So–you may be a known diabetic, or just found out you didn’t pass the glucose test, so you are now labeled GESTATIONAL DIABETIC. Let’s all hope it goes away after the baby is born!
You will need to be checked again at your 6 week post partum visit to make sure you are not still diabetic!
Because we have some of the fluffiest people in Canada living in our area–we screen everybody. The Society of Obstetricians in Canada recommends screening everybody—there are some centres in Saskatchewan and Ontario that do not do this.
You can be diabetic even if you are healthy beforehand–that darn placenta just can work 100% against you–no matter how healthy you eat, how much you exercise —- the “elephant in the room” is that PLACENTA!!! The placenta makes hormones that can make you diabetic. BUT if you are diagnosed with diabetes early in the pregnancy–you can CALL it gestational diabetes—but you are very likely TYPE 2 diabetic.
The preferred approach to test for diabetes in pregnancy is to begin with a 50 g glucose challenge test (that sickly sweet orange drink).
You do not have to FAST for the 50 gram test–but this is NOT the morning to hit House of Pancakes and load up on syrup! Have some ham and eggs—much better!
If you fail this 50 gram test, you will have to do the 2 hour test, with a 75 g oral glucose drink. THIS one you FAST for!
ONE HOUR BASIC SCREEN GOAL ≥ 7.8 mmol/liter ( ≥ 140 mg/dl)
TWO HOUR TEST:
You are considered diabetic if you have ONE NUMBER ABNORMAL:
fasting ≥5.3 mmol/L (95mg/dl)
( ≥ is read as greater than OR EQUAL TO)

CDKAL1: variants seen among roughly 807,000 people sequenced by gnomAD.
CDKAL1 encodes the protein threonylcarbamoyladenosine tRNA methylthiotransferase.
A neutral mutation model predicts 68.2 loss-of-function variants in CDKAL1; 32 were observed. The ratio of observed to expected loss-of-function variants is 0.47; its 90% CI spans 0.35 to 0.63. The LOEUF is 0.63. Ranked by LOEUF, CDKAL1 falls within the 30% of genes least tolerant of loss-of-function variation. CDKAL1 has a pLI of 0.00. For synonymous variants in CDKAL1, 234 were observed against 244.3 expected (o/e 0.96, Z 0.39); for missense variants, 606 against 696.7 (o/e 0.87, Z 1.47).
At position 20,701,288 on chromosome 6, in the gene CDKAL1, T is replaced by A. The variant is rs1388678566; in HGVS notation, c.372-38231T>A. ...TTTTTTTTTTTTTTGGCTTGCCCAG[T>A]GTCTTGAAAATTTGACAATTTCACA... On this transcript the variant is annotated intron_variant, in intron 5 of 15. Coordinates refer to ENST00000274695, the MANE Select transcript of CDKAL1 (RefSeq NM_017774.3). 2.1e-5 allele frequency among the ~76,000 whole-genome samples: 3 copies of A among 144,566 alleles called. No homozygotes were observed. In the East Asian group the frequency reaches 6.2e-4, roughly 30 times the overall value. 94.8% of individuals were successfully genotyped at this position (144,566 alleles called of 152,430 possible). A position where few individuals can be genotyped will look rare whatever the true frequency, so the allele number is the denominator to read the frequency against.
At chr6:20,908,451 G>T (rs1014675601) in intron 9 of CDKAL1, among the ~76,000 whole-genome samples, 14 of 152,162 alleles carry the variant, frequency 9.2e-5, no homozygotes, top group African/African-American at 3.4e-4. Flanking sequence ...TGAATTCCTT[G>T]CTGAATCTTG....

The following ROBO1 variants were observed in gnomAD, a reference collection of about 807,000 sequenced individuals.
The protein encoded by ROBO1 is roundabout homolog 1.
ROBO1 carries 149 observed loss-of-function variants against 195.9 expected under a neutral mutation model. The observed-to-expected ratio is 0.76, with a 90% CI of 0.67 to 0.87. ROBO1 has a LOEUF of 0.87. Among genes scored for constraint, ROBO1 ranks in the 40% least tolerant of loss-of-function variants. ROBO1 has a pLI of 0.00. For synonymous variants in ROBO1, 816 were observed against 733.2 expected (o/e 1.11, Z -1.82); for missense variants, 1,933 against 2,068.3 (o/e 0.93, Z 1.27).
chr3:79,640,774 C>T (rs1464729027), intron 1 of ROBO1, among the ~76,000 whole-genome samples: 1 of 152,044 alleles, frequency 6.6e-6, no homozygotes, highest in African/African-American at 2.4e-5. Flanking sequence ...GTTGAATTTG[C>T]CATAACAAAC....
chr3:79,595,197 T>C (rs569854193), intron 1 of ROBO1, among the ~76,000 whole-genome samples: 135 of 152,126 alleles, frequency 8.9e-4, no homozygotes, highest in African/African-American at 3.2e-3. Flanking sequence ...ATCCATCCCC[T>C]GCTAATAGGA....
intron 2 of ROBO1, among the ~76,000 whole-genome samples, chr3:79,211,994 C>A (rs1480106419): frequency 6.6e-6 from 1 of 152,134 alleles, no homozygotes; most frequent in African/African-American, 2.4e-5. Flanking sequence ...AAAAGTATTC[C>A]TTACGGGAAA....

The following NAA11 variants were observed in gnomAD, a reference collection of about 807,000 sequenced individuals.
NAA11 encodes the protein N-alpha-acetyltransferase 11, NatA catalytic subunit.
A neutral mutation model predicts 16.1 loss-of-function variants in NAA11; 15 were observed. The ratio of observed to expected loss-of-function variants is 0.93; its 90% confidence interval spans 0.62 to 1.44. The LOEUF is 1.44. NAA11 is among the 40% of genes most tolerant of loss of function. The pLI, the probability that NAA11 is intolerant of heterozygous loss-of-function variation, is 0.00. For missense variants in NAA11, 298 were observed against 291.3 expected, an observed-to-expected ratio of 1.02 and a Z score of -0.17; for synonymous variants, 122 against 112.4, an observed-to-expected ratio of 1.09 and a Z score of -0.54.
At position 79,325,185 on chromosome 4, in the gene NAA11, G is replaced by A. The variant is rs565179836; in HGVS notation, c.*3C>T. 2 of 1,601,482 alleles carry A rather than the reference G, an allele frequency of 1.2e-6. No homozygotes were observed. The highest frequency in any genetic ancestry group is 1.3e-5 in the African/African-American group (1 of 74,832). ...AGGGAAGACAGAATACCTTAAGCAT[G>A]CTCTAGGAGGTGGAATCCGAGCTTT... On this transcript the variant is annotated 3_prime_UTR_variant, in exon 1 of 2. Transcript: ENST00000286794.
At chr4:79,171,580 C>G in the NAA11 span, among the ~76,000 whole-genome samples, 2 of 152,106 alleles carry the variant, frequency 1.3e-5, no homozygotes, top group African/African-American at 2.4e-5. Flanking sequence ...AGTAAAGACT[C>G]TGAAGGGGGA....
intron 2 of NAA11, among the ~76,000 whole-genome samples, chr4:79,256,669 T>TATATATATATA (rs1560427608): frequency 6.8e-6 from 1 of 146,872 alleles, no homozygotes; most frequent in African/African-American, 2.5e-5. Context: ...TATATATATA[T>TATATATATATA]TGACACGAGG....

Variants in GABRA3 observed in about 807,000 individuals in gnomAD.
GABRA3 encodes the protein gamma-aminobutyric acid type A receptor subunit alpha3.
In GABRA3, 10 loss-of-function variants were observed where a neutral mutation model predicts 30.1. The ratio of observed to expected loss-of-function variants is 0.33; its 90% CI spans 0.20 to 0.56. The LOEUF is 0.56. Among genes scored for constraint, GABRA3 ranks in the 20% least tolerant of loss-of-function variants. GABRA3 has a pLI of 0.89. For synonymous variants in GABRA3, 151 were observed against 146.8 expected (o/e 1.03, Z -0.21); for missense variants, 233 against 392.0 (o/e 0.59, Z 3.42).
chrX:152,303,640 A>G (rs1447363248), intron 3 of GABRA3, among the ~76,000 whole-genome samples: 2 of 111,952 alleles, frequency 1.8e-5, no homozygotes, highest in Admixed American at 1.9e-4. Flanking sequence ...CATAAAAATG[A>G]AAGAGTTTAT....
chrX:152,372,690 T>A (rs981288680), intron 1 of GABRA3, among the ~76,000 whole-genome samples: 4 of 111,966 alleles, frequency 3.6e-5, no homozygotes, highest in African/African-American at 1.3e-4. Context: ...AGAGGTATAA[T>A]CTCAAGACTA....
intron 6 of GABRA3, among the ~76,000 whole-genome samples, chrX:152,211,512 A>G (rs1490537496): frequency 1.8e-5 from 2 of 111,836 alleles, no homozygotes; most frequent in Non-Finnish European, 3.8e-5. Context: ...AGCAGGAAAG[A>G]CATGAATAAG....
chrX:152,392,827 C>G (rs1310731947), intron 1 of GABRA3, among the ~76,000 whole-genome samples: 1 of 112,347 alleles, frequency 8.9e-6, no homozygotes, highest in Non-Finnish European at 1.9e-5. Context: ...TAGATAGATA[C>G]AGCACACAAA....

1 hour ≥10.6 mmol/L
2 hours ≥9.0 mmol/L)
GOALS OF DIET AND MEDICATION ARE SUGARS THAT ARE:
fasting < (less than)5.3mmol/L,(95 mg/dl)
I hour postprandial (after eating) <7.5 mmol/l(140 mg/dl)
and 2 hours postprandial <6.7 mmol/L.(<120mg/dl))
What are the complications of being diabetic in pregnancy?
- higher birth weight baby, so more trouble getting shoulders delivered, and higher chance of C. Section
- C. Section on fluffy women don’t heal as well, and it is not unusual to spend weeks having your wound packed–while you are trying to care for a newborn
- increase in death for baby–uncontrolled diabetes has a higher death rate, and stillborn rate. This is NOT a higher risk if you are DIET CONTROLLED!!! Diet controlled is same risk of a normal pregnancy—-how try really hard to do your BEST with diet—there’s no “do-overs” for making this baby.
- problems with the sugar control in the baby after birth
- a mom who is at risk for continued diabetes after delivery (you need to be checked after delivery to make sure you don’t need to continue with medications etc.
- diabetes is bad for your heart and your brain–heart attacks and strokes–we NEED you around to get this baby through life!
If women with GDM (gestational diabetes mellitus), do not achieve sugar targets within 2 weeks from diet alone, insulin therapy should be initiated. Sometimes, if there is just a problem with fasting sugars, or sugars are still high wtih decent diet, the option of the pill Glyburide is one I discuss. Although not generally done here, there is plenty of literature abut its use in pregnancy. I used it quite a lot when practicing in the USA. I will use it when a woman refuses insulin.
Glyburide is safe and effective in controlling glucose levels in >80% of patients with GDM and does not cross the placenta.
Women who are older, who are diagnosed earlier than 25 weeks, and have higher fasting and postprandial glucose values on their OGTT (oral glucose tolerance test–that 75 gram drink and 2 hour test), are less likely to respond to glyburide.